THE BOOK OF TOBIAS OR TOBIT


Raphael - The Angel Raphael and Tobias with the Fish before the Madonna and Child, El Prado Museum, Madrid, 1515.

THE BOOK OF TOBIAS OR TOBIT

The Book of Tobias, as it is called in the Latin Vulgate, is also known in the Greek Septuagint as the Book of Tobit, and serves as part of the Historical Books in the Latin Vulgate and Greek Septuagint Bible. Both the Hebrew origin of the book and the name Tobiah – טוֹבִיָּה which means “Yahweh is my good” have been appreciated since antiquity. The name itself is noted, for example, in 2 Chronicles 17:8, Ezra 2:60, Nehemiah 2:10, Tobit 1:9, and Zechariah 6:10. The recent discovery of five scrolls of Tobit – 4QTob 196-200 in both Aramaic and Hebrew among the Dead Sea Scrolls in Cave IV of Qumran has given the book renewed attention. As with all ancient texts discovered in the Dead Sea Scrolls, Hebrew was in consonantal form only. The Book of Tobit is also extant in Arabic, Armenian, Coptic, Ethiopic, and Syriac. This translation is primarily based upon the Codex Sinaiticus, the Greek version discovered in St. Catherine’s Monastery at Mount Sinai, Egypt in 1844.

The Book itself is one of the most delightful books of Hebrew Scripture. The book is a religious novel characterized as a Hebrew romance and is a captivating narrative. The father is called Tobit or Τωβίτ in the Greek Septuagint. The son is called Tobiah or טוביה in Aramaic (4Q196 2:3, 2:10, 2:12) and Hebrew (4Q200 4:3, 4:6), Tobias or Τωβίας in Greek, and Tobias in Latin. In this translation both father and son are known as Tobias. The book begins with Tobit or Tobias the Father, an Israelite of the Northern Kingdom deported to Nineveh who suffers blindness. Sara in Medes suffers torment. Because of their good life and prayers, God sends the Archangel Raphael to help them. The virtuous Tobias the Son joins the disguised Raphael on a journey to Medes on his father’s behalf, and brings happiness both to his Father and Sara.

The message of the book is that God is both just and free. The book offers much wisdom and notes suffering is not a punishment but a test. God in the long run does reward the just and punish the wicked. The believer is called upon to trust God and live his way. The book presents the sanctity of Marriage, intercession through Angels, reward of good works, and parental respect, as well as the importance of prayer in our daily lives, fasting, and especially almsgiving in expiation of sin (12:9). Raphael reveals himself in a fascinating statement in Chapter 12 as “the angel Raphael, one of the seven who stand before the Lord” (12:15).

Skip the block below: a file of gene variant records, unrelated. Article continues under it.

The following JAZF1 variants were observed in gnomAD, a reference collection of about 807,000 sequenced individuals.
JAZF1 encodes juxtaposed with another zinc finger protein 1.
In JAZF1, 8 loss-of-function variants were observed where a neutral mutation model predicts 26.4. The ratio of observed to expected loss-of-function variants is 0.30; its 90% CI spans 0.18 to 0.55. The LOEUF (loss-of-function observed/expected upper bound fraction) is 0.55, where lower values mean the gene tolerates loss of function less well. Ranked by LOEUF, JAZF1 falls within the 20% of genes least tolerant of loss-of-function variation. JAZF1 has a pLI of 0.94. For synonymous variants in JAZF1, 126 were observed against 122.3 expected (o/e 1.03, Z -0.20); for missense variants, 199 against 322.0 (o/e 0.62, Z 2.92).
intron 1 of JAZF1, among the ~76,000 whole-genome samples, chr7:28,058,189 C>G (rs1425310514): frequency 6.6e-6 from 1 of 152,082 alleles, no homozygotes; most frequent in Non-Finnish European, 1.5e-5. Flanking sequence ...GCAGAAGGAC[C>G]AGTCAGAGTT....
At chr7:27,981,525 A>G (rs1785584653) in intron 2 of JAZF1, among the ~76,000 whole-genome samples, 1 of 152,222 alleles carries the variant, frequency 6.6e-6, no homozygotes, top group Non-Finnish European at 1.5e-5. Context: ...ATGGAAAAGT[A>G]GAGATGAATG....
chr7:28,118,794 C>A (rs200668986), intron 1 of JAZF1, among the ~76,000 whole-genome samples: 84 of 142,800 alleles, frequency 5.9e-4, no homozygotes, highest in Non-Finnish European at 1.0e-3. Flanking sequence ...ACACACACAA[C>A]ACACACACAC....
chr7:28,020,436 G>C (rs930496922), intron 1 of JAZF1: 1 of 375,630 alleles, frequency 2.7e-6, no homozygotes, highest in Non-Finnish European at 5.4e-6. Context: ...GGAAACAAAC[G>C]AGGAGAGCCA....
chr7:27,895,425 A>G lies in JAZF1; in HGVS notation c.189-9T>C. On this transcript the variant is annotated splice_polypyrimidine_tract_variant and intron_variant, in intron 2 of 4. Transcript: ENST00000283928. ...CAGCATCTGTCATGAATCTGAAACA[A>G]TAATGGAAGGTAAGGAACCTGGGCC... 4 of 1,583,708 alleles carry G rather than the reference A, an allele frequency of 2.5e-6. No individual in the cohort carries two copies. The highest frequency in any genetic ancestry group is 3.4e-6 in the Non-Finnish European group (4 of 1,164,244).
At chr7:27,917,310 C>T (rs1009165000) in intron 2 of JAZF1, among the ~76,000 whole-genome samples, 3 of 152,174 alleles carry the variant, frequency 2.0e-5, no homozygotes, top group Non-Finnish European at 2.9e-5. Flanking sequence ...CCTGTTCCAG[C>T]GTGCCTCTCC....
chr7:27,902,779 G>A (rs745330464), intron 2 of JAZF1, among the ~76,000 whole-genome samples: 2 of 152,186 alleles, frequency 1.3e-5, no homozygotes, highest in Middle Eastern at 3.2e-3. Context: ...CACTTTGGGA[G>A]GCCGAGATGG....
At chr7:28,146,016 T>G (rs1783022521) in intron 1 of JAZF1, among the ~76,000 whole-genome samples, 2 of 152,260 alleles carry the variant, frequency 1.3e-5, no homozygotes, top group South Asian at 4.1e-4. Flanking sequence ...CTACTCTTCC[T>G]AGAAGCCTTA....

Even though the setting takes place in the eighth century BC, it is thought the book was written after the time of Ezra, and thus it was not included in the shorter Hebrew Canon. However, the book followed Ezra and Nehemiah in the Greek Septuagint Old Testament and has always been considered inspired by both Catholic and Eastern Orthodox Churches. It is part of the Apocrypha in the King James Bible. The Historical Books are followed by the Wisdom Literature such as the Psalms in the Greek Septuagint, Latin Vulgate, and the Christian Old Testament of the Bible.

The following Scripture is from the Douay-Rheims Bible, now in the public domain. The Douay-Rheims Bible was the standard English Bible for Catholics for over 300 years, and still remains in use today. The Douay-Rheims Bible was the first approved English translation of St. Jerome’s Latin Vulgate Bible. The Old Testament translation was completed at the English College of Douai, France in 1609, and the New Testament at the English College of Rheims, France in 1582. The Douay-Rheims Bible was revised by Bishop Challoner in England from 1749 to 1752. The Haydock Douay-Rheims Bible of 1814 was the one upon which President John F. Kennedy took the oath of office on January 20, 1961 to become the 35th President of the United States.

Leave a Reply

Fill in your details below or click an icon to log in:

WordPress.com Logo

You are commenting using your WordPress.com account. Log Out /  Change )

Google+ photo

You are commenting using your Google+ account. Log Out /  Change )

Twitter picture

You are commenting using your Twitter account. Log Out /  Change )

Facebook photo

You are commenting using your Facebook account. Log Out /  Change )

Connecting to %s

This site uses Akismet to reduce spam. Learn how your comment data is processed.